Lookouts stood high on Koyukuk Mountain Wednesday, watching the Yukon River below with binoculars and hunting scopes.
"We're looking at a flash flood. Something like a dam breaking," said Koyukuk Mayor Patrick Madros.
Koyukuk sits about 14 miles downriver from the ice jam that caused massive flooding and a near-complete evacuation of Galena this week. It's the latest community to put life on hold as the annual river breakup winds down the Yukon.
The ice dam began flooding Galena on Sunday and by Wednesday an estimated 300 or more people had fled by plane to Fairbanks, Anchorage or other villages. The local school district estimated 30 to 40 people stayed behind, camping with their dogs at the airport, taking shelter in former Air Force barracks and eating military-style "meals ready to eat."
The jam showed signs of weakening by 11 a.m. Wednesday, and by 5 p.m. the Weather Service reported that part of the dam had peeled away. It was still blocking the river, but water levels had already began rising downstream, the agency said.
The Weather Service expected the jam to break and water to began draining from Galena by late Wednesday or Thursday. When it does, a surge of water was expected to flood Koyukuk, where the service has issued a flood warning through 4 p.m. Thursday.
The damage to Galena has been devastating, said Weather Service hydrologist Ed Plumb.
Plumb has been stationed in Galena, where a dike surrounding the airport and a few government buildings has created a dry "island" in the middle of bobbing ice and debris.
"There's a lot of cars that are totally submerged in water and floating around," Plumb said. "There are houses that are totally submerged in water up to the roof."
"You can see sheens of fuel across the floodwaters and spilled fuel tanks," Plumb said. Water inundated the sewage lagoon, which "is just part of the flood now," he said.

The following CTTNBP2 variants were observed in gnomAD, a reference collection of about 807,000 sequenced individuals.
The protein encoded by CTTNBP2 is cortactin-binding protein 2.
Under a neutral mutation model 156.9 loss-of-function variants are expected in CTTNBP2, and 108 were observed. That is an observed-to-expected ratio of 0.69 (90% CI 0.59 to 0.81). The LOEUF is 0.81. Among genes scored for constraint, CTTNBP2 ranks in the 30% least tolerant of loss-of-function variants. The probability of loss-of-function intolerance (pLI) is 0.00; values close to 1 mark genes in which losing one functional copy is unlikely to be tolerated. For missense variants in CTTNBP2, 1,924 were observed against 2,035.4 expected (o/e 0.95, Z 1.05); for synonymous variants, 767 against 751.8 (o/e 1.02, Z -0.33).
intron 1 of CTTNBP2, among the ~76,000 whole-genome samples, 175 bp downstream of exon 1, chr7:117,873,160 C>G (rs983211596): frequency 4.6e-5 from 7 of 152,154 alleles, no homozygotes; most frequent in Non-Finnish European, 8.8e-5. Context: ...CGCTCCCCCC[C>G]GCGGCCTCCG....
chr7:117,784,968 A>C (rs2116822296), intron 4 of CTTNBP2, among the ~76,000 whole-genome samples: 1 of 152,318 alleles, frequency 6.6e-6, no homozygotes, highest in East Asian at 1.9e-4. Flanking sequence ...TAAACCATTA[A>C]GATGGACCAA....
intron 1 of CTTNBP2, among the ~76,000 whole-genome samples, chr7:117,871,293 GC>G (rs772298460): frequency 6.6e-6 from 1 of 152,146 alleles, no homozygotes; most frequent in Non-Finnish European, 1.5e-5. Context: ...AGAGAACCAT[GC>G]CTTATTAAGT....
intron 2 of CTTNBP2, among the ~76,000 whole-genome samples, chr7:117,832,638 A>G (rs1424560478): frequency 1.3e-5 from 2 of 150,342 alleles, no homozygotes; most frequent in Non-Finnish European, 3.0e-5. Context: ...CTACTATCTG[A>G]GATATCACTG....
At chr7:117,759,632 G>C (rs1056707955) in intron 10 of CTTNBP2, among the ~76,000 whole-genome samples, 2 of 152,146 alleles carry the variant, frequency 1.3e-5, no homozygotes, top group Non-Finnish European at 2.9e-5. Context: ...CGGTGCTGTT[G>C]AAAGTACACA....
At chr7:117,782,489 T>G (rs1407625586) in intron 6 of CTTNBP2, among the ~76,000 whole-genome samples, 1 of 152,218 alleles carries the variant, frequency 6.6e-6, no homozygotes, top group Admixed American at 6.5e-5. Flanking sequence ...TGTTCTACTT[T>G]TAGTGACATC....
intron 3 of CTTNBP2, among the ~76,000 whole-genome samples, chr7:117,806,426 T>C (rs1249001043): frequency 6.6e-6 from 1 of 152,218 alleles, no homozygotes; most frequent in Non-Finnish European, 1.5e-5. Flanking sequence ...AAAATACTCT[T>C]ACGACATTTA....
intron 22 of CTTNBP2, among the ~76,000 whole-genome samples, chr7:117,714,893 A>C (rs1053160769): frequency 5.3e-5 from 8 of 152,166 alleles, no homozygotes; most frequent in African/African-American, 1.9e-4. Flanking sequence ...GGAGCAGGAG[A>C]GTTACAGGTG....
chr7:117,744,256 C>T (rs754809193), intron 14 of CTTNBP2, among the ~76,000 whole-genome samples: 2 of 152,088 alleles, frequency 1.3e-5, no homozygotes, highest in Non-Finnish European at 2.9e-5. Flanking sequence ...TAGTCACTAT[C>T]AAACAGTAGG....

There is no power in the village, no working bathrooms and limited food. "All we've had is the shirt on our backs," Plumb said.
The flooding began with a few fingers of water covering the roads, said Paul Apfelbeck, a teacher. Sometime on Monday afternoon it began to surge, seemingly climbing by a foot at a time. It sounded like Niagara Falls, he said.
"People were scrambling all over the neighborhood, putting their cars up on higher ground."
Apfelbeck flew to Fairbanks late Tuesday on an Alaska Air National Guard HC-130. The plane carried 32 people and 19 dogs. Alaska State Troopers flew another six people and seven pets to Fairbanks at about the same time.
Some Galena residents, including schools superintendent Chris Reitan, said the state waited too long to help with widespread evacuations given the alarming surge of flood waters Monday night. No one has been killed or reported missing. Nearly every home in town has been damaged, residents said.
Gov. Sean Parnell visited Galena Tuesday and members of his cabinet met Wednesday to discuss whether the state should declare a disaster emergency, said Jeremy Zidek, spokesman for the Division of Homeland Security and Emergency Management.
A disaster declaration could unlock state relief money for the village, he said. The state Emergency Management team in Galena asked for additional supplies for those remaining in the community, including 10 cases of bottled water and 12 cases of MREs.
In Koyukuk, a Koyukon Athabascan community about 30 miles downriver, residents were already preparing for the worst, Madros said.
They hauled water and wood to higher ground. They prepared to shut the power off in the town of about 75 people and evacuated the sick and elderly Tuesday on a plane to Fairbanks. Madros, the mayor, stood on flood watch from 5 a.m. to 3 p.m. Wednesday.
"This is the worst flood we've ever seen in Galena so we're expecting a lot of water once that dam breaks to come this way," he said.
The Weather Service expects the surge to take about four hours to reach Koyukuk once the ice jam breaks. The water will arrive in a wave, the flood warning says.
Alaska-Pacific River Forecast Center
By KYLE HOPKINS